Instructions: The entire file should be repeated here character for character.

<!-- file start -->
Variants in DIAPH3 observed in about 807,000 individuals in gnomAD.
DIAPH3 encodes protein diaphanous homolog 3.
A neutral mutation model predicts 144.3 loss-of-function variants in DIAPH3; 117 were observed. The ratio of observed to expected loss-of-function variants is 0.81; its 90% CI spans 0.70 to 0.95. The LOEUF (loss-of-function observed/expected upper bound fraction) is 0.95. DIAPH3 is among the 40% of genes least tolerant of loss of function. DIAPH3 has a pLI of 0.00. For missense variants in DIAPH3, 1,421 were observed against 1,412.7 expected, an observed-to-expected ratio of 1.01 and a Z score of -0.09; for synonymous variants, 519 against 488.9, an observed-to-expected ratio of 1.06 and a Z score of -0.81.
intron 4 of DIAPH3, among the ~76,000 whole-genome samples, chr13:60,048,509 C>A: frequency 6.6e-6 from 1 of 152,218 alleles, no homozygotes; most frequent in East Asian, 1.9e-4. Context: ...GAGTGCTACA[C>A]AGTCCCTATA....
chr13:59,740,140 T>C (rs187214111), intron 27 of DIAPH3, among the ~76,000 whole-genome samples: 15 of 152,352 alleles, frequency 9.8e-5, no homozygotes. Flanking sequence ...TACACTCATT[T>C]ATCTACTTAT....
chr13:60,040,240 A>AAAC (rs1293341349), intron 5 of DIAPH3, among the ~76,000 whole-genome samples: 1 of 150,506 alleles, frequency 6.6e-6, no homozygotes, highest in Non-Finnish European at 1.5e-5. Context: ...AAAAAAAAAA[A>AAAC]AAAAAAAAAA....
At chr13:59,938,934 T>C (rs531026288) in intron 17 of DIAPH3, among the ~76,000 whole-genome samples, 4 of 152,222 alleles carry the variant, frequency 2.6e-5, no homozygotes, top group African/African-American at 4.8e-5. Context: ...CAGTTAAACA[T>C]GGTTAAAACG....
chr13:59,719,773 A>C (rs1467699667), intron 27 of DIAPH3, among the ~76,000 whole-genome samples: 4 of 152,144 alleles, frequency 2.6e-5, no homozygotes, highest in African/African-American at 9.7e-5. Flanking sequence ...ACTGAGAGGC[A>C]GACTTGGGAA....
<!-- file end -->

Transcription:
Variants in DIAPH3 observed in about 807,000 individuals in gnomAD.
DIAPH3 encodes protein diaphanous homolog 3.
A neutral mutation model predicts 144.3 loss-of-function variants in DIAPH3; 117 were observed. The ratio of observed to expected loss-of-function variants is 0.81; its 90% CI spans 0.70 to 0.95. The LOEUF (loss-of-function observed/expected upper bound fraction) is 0.95. DIAPH3 is among the 40% of genes least tolerant of loss of function. DIAPH3 has a pLI of 0.00. For missense variants in DIAPH3, 1,421 were observed against 1,412.7 expected, an observed-to-expected ratio of 1.01 and a Z score of -0.09; for synonymous variants, 519 against 488.9, an observed-to-expected ratio of 1.06 and a Z score of -0.81.
intron 4 of DIAPH3, among the ~76,000 whole-genome samples, chr13:60,048,509 C>A: frequency 6.6e-6 from 1 of 152,218 alleles, no homozygotes; most frequent in East Asian, 1.9e-4. Context: ...GAGTGCTACA[C>A]AGTCCCTATA....
chr13:59,740,140 T>C (rs187214111), intron 27 of DIAPH3, among the ~76,000 whole-genome samples: 15 of 152,352 alleles, frequency 9.8e-5, no homozygotes. Flanking sequence ...TACACTCATT[T>C]ATCTACTTAT....
chr13:60,040,240 A>AAAC (rs1293341349), intron 5 of DIAPH3, among the ~76,000 whole-genome samples: 1 of 150,506 alleles, frequency 6.6e-6, no homozygotes, highest in Non-Finnish European at 1.5e-5. Context: ...AAAAAAAAAA[A>AAAC]AAAAAAAAAA....
At chr13:59,938,934 T>C (rs531026288) in intron 17 of DIAPH3, among the ~76,000 whole-genome samples, 4 of 152,222 alleles carry the variant, frequency 2.6e-5, no homozygotes, top group African/African-American at 4.8e-5. Context: ...CAGTTAAACA[T>C]GGTTAAAACG....
chr13:59,719,773 A>C (rs1467699667), intron 27 of DIAPH3, among the ~76,000 whole-genome samples: 4 of 152,144 alleles, frequency 2.6e-5, no homozygotes, highest in African/African-American at 9.7e-5. Flanking sequence ...ACTGAGAGGC[A>C]GACTTGGGAA....